Improvement [supplementary chapter]
Continuing Professional Development
In this supplementary chapter on improvement and continuing professional development (CPD), we first look at work on school effectiveness, before moving to the related but more process‑orientated school‑improvement work. This leads us to explore the concept of the school as a learning organization with the integral role of CPD for teachers. We conclude the chapter with a brief discussion on continuing professional development and performance management.
1.1 School effectiveness
Does it matter which school a child attends? What are the features of a school that make a difference? Defining the measures by which school effectiveness is judged is obviously significant. These are frequently related to pupil attainment, and recently more to the ‘value added' between attainment when the pupil enters the school and subsequent results.
Governments throughout the world have an active interest in school effectiveness. Indeed, there is a widespread desire to raise the achievement of pupils to strengthen international competitiveness, but this is also usually constrained by the costs of education. So an interest in effectiveness is also an interest in efficiency, or value for money.
Work on school effectiveness began forty years ago in the United States with a concern for equality of educational opportunity. Research efforts were made to separate the impact of family background from that of the school, and to find out whether some schools were more effective than others. In the UK, the influential study Fifteen Thousand Hours (Rutter et al., 1979), which detailed research on twelve London secondary schools, and its primary equivalent School Matters: The Junior Years (Mortimore et al., 1988) indicated very clearly that the internal policies and practices of schools do influence educational effectiveness. From these and subsequent studies it has been possible to identify a generally agreed set of factors associated with school effectiveness. For instance, the following eleven ‘key factors' derive from a review of school effectiveness research (Sammons, Hillman and Mortimore, 1995).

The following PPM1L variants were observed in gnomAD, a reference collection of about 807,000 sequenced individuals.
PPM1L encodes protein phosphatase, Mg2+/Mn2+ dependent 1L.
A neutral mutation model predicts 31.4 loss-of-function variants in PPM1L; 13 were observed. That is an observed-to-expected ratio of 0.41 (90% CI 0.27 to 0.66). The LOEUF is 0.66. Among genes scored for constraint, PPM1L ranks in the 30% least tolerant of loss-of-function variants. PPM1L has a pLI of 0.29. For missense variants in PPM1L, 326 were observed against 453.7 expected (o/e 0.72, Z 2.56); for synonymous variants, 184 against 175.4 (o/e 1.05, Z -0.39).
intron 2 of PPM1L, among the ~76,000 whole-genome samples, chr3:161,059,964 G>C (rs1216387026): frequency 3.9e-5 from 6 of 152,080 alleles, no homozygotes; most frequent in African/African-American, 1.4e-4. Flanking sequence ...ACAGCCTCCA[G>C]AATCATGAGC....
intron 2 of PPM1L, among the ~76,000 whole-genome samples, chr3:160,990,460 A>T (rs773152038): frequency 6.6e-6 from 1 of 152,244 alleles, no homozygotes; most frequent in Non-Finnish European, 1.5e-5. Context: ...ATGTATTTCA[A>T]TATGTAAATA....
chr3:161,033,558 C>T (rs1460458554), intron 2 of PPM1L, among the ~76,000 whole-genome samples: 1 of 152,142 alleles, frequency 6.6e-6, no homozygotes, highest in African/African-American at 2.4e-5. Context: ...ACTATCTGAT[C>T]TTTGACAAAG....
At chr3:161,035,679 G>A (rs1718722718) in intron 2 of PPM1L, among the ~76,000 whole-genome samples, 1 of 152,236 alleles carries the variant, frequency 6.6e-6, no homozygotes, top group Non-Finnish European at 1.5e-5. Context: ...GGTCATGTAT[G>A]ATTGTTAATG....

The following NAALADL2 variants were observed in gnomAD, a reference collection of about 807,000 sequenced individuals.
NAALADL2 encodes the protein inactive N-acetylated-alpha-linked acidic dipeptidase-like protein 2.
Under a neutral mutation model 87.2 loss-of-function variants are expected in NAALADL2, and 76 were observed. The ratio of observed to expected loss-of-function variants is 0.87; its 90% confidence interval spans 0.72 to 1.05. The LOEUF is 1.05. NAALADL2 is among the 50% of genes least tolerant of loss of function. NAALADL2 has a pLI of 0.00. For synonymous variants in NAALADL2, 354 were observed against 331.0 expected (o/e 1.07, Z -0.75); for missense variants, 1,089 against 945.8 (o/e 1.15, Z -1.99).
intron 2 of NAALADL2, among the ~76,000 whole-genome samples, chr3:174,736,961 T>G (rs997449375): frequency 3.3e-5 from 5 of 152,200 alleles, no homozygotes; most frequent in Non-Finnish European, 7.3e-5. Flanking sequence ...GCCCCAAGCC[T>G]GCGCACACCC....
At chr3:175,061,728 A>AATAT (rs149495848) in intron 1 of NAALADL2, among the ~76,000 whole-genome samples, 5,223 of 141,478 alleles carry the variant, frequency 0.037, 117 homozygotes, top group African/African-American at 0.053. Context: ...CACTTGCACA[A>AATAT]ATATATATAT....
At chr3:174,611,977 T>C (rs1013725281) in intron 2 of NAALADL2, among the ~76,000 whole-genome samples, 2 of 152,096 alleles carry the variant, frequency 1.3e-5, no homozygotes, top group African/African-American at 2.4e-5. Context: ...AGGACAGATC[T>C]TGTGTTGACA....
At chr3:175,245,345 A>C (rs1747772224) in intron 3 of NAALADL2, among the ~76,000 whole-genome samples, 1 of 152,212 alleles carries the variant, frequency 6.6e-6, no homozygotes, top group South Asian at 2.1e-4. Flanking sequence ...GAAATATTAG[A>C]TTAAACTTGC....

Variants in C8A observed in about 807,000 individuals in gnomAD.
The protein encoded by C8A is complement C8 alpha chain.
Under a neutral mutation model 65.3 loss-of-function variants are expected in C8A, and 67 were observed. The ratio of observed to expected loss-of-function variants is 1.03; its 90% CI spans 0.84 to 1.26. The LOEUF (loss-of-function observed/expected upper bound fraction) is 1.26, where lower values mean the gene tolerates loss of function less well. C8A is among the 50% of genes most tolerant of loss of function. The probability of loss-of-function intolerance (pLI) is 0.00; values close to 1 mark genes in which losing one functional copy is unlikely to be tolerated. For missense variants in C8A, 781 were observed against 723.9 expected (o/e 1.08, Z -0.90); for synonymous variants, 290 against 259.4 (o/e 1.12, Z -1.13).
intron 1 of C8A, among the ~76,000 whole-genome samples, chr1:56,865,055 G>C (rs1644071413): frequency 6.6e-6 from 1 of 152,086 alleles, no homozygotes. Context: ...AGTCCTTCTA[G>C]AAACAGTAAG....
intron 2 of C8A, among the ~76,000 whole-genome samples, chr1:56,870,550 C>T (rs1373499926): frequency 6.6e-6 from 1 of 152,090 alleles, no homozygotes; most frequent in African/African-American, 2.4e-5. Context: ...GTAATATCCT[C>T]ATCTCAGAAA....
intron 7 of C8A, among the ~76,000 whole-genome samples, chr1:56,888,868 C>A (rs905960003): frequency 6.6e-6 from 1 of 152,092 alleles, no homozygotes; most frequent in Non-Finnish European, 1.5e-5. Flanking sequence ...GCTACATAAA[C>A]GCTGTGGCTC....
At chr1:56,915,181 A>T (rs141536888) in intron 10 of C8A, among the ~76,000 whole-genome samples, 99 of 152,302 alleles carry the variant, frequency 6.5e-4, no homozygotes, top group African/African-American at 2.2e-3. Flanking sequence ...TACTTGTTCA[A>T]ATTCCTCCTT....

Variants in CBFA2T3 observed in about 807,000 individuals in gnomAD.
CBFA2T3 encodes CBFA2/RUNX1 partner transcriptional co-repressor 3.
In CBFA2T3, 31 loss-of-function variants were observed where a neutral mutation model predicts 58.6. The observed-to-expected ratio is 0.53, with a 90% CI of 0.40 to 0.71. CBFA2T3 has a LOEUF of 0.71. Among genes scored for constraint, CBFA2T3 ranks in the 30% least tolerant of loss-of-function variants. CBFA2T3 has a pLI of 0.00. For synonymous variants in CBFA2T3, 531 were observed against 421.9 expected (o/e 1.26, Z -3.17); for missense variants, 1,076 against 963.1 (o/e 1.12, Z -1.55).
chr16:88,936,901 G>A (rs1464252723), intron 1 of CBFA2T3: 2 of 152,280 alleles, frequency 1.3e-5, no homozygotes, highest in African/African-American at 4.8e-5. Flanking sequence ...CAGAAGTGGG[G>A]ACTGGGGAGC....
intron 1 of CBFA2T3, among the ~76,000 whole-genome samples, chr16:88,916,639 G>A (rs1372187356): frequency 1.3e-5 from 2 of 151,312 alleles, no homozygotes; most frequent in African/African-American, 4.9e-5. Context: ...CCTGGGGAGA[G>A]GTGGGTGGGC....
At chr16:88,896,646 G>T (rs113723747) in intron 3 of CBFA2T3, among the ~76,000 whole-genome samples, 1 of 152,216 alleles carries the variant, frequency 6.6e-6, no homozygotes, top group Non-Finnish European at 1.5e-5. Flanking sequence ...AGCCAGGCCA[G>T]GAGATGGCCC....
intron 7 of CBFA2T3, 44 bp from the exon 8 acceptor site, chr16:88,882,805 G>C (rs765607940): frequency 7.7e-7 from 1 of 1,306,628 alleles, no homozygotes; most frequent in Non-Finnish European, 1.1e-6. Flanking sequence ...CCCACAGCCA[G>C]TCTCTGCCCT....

- Effective headteachers are firm and purposeful, appoint effective teachers, create consensus and unity of purpose; they share and delegate responsibilities and involve all teachers in decision‑making; they are ‘leading professionals' with an understanding of classrooms and how teaching and learning can be improved.
- In the school there must be ‘shared vision and goals': necessary for lifting aspirations and creating consistency of practice through whole‑school policies and contracts.
- The ‘learning environment' is attractive, orderly and encourages self‑control among pupils; this is a prerequisite for a positive classroom ethos.
- There is a clear priority focus on teaching and learning as the school's primary purpose. Four factors: time spent on learning, amount of homework, effective learning time, and learning time for different subjects are measures indicating the practical implementation of this focus.
- Teaching is purposeful, well organized and clear about objectives, well prepared, appropriately paced and structured, and questioning focuses pupil attention.
- There is a general culture which has high expectations of everyone: teachers, pupils and parents.
- Better pupil outcomes follow from positive reinforcement, clear feedback, rewards and clear rules for behaviour. These are more successful than punishment or criticism.
- Monitoring progress: keeps track of whether the school is meeting its targets and goals; maintains awareness of targets and goals among staff, pupils and parents; informs planning and teaching; sends clear messages to pupils that teachers are interested in their progress.
- Giving pupils rights and responsibilities and enabling them to play an active role in the life of the school is important for raising self‑esteem and encouraging children to take responsibility for their own learning.
- Partnerships that encourage and foster parental support for learning have positive effects on achievement; successful schools make demands on parents as well as encouraging involvement.
- Effective schools are ‘learning organizations' where teachers and senior managers, as well as pupils, continue to be learners, improve their practice and keep up with change.